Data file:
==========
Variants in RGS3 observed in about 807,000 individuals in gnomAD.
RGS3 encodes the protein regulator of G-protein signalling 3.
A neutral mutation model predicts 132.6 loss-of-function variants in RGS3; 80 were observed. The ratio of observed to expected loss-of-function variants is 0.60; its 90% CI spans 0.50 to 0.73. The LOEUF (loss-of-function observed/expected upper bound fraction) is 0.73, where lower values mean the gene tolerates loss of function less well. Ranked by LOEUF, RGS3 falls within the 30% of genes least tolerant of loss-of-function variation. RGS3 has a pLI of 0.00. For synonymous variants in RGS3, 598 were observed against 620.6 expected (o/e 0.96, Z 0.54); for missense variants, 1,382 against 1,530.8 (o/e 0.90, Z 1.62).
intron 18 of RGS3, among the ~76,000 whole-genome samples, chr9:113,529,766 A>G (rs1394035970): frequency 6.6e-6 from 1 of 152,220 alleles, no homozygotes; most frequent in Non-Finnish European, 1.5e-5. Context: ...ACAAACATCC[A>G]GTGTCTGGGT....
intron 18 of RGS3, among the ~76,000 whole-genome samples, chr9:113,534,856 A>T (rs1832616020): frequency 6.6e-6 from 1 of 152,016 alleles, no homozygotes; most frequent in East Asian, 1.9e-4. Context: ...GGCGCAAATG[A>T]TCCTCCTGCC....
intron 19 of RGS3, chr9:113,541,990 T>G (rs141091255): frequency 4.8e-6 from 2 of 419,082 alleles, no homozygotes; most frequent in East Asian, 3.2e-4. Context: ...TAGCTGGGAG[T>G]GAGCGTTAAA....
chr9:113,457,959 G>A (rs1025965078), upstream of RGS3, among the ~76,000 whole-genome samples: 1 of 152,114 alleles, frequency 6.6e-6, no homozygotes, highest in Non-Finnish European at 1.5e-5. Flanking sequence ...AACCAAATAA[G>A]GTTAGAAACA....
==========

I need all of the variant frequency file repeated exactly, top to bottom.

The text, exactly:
Variants in RGS3 observed in about 807,000 individuals in gnomAD.
RGS3 encodes the protein regulator of G-protein signalling 3.
A neutral mutation model predicts 132.6 loss-of-function variants in RGS3; 80 were observed. The ratio of observed to expected loss-of-function variants is 0.60; its 90% CI spans 0.50 to 0.73. The LOEUF (loss-of-function observed/expected upper bound fraction) is 0.73, where lower values mean the gene tolerates loss of function less well. Ranked by LOEUF, RGS3 falls within the 30% of genes least tolerant of loss-of-function variation. RGS3 has a pLI of 0.00. For synonymous variants in RGS3, 598 were observed against 620.6 expected (o/e 0.96, Z 0.54); for missense variants, 1,382 against 1,530.8 (o/e 0.90, Z 1.62).
intron 18 of RGS3, among the ~76,000 whole-genome samples, chr9:113,529,766 A>G (rs1394035970): frequency 6.6e-6 from 1 of 152,220 alleles, no homozygotes; most frequent in Non-Finnish European, 1.5e-5. Context: ...ACAAACATCC[A>G]GTGTCTGGGT....
intron 18 of RGS3, among the ~76,000 whole-genome samples, chr9:113,534,856 A>T (rs1832616020): frequency 6.6e-6 from 1 of 152,016 alleles, no homozygotes; most frequent in East Asian, 1.9e-4. Context: ...GGCGCAAATG[A>T]TCCTCCTGCC....
intron 19 of RGS3, chr9:113,541,990 T>G (rs141091255): frequency 4.8e-6 from 2 of 419,082 alleles, no homozygotes; most frequent in East Asian, 3.2e-4. Context: ...TAGCTGGGAG[T>G]GAGCGTTAAA....
chr9:113,457,959 G>A (rs1025965078), upstream of RGS3, among the ~76,000 whole-genome samples: 1 of 152,114 alleles, frequency 6.6e-6, no homozygotes, highest in Non-Finnish European at 1.5e-5. Flanking sequence ...AACCAAATAA[G>A]GTTAGAAACA....